What are your priorities?  Please let me know by at councilmember.riemer@montgomerycountymd.gov or writing to me on my Facebook page.

By

Councilmembers Riemer, Elrich and Leventhal Introduce Anti-Poverty Bill

Montgomery County Councilmember Hans Riemer today introduced a bill to increase the county’s local Earned Income Tax Credit (EITC), which is called the Working Families Income Supplement.  Councilmembers Marc Elrich and George Leventhal are co-sponsoring the bill.
Originally created in 2000, the Working Families Income Supplement was set at 100% of the state’s EITC for ten years.  In 2010, the County Council changed the law to allow the supplement to be set at a lower amount due to a “fiscal crisis” and “severe reduction in revenue.”  Bill 8-13 would return the supplement to a 100% match in three years.  An amendment by Councilmember Leventhal would allow the council to waive the policy by supermajority vote, preserving flexibility during fiscal emergencies.
“Many families struggle to make ends meet in Montgomery County and for the lowest income families the challenge is even greater.  The county’s Working Families Income Supplement, in concert with State and Federal components, improves the ability of families to meet the cost of necessities,” said Councilmember Elrich.  “With improvements in the county’s fiscal outlook, we are able to begin to undo some of the damage the last few years have done to our safety net programs and the Working Families Supplement is one of the most effective and direct forms of assistance in our toolbox.”
Dating back to 1975, the federal EITC extends tax credits to working people with low incomes.  Eligible recipients can have incomes as high as $46,227 (or $51,567 for married people filing jointly) with three or more qualifying children.  The Center for Budget and Policy Priorities estimates that the EITC kept 6.25 million people above the poverty line in 2010.  An academic literature review by the National Bureau of Economic Research finds “overwhelming evidence [that] the EITC encourages work among single mothers” by increasing their after-tax incomes.  Another studyby the Brookings Institution finds that the EITC “has grown to be called the nation’s largest federal anti-poverty program” and “has had significantly beneficial effects for its recipients and their communities. These include encouragement of work, reduction of poverty, and boosting of local economic activity.”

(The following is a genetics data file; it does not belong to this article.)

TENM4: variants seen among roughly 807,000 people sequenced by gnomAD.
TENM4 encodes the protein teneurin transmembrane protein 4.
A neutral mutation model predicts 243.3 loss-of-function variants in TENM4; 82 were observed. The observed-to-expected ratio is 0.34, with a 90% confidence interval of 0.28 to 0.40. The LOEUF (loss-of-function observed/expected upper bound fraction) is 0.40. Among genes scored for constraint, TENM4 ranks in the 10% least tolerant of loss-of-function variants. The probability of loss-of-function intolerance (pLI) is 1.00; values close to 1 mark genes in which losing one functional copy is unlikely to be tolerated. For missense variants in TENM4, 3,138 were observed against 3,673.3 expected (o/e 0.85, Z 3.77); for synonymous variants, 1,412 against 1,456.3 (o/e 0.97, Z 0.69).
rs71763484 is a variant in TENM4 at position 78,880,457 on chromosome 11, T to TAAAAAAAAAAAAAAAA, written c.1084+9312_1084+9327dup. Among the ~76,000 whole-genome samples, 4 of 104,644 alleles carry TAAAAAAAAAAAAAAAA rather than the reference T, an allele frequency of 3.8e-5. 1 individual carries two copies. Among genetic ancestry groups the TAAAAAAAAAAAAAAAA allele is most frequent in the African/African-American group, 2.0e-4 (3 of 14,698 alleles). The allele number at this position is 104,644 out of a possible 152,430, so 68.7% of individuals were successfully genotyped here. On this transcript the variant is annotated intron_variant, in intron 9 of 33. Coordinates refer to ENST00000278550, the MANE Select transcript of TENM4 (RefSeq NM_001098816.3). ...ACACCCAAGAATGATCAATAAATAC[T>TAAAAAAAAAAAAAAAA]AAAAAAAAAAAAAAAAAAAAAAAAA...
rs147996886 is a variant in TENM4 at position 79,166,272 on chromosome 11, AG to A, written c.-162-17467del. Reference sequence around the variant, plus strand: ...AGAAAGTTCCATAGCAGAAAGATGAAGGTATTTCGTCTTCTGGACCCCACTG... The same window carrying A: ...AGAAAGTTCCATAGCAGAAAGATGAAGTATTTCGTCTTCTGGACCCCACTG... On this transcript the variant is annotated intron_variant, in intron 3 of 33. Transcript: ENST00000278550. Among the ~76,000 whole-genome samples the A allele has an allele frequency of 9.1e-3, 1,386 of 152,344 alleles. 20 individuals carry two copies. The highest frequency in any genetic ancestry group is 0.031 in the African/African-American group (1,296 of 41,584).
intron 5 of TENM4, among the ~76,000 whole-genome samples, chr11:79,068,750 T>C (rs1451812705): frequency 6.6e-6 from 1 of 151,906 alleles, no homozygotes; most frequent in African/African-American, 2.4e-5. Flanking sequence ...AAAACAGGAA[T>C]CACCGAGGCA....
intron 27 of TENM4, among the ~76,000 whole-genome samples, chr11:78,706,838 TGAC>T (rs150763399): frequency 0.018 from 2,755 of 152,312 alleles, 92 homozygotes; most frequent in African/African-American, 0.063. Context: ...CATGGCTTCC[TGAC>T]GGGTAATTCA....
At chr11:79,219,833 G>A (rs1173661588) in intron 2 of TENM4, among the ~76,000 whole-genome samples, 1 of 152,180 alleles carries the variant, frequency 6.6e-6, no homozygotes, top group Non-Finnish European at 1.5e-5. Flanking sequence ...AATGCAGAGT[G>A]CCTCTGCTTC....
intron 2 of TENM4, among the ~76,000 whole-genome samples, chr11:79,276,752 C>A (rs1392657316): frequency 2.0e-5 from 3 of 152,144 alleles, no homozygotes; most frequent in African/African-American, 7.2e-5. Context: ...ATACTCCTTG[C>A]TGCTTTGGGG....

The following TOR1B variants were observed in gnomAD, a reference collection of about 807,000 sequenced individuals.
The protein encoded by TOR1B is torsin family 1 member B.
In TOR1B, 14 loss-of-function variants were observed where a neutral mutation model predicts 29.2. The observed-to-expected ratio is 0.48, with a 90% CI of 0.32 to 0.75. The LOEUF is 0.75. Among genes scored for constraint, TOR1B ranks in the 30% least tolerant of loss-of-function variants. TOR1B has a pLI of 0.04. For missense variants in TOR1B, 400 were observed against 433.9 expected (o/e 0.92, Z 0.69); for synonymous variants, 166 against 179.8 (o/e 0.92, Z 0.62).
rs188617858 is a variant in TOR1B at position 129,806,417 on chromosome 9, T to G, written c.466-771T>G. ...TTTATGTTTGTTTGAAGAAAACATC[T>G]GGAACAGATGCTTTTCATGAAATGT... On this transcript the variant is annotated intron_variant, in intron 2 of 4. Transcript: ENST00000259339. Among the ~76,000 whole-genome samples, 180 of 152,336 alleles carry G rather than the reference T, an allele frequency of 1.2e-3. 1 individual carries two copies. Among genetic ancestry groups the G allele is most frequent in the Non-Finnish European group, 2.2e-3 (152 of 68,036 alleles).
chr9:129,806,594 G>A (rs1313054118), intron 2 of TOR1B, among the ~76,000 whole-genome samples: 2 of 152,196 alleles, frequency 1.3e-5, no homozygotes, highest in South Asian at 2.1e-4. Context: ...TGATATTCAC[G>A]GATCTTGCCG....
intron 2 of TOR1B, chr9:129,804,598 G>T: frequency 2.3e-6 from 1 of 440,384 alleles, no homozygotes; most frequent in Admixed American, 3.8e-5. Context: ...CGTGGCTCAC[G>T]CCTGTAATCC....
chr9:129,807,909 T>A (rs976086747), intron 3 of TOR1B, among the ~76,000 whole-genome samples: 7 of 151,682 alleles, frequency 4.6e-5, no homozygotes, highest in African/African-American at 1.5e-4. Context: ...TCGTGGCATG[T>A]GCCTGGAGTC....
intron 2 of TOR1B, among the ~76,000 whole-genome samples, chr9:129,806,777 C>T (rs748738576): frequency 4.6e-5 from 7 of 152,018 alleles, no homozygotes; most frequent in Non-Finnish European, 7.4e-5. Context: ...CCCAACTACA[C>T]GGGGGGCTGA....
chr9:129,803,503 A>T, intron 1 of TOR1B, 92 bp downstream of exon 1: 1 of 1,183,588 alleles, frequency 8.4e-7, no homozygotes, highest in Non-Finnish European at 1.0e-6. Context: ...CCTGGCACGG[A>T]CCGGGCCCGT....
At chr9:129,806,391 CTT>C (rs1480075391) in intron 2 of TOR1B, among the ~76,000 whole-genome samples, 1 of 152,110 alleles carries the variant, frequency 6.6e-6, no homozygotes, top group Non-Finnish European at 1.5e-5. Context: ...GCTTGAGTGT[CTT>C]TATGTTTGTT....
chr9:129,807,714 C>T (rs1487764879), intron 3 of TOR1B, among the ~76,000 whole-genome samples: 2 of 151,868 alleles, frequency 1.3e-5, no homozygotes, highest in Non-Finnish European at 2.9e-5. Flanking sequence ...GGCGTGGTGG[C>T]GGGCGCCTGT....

“The Working Families Income Supplement is the most effective means we have of reducing the prevalence of poverty in Montgomery County, especially among children,” said Councilmember Leventhal. “There can be no question that the supplement succeeds in its primary objective to encourage people to work more hours and transition off of welfare, but it also provides a host of ancillary benefits such as a short term safety net, improving children’s school performance, and improving health outcomes for children and their parents alike.”
While twenty-two states and the District of Columbia provide EITCs, New York City and Montgomery County are the only local jurisdictions that provide them.  In 2011, the county had 33,840 recipients comprising nearly 10% of its households.  The average payment to recipients was $381.81.  A full restoration of the supplement would bring the average payment level to greater than $500 and could make a crucial difference in the lives of many county residents.
“I’m pleased to be working with Councilmembers Elrich and Leventhal on this bill,” said Councilmember Riemer.  “They have been champions of the county’s working class for many years.  Councilmember Leventhal has been recognized for his work on housing and health care, while Councilmember Elrich has been working for renters for decades.  Together, we can continue their efforts to make life easier for county residents who depend on our EITC.”
Source: Montgomery County Council’s Legislative Information Office. For a link to the full press release, please click here.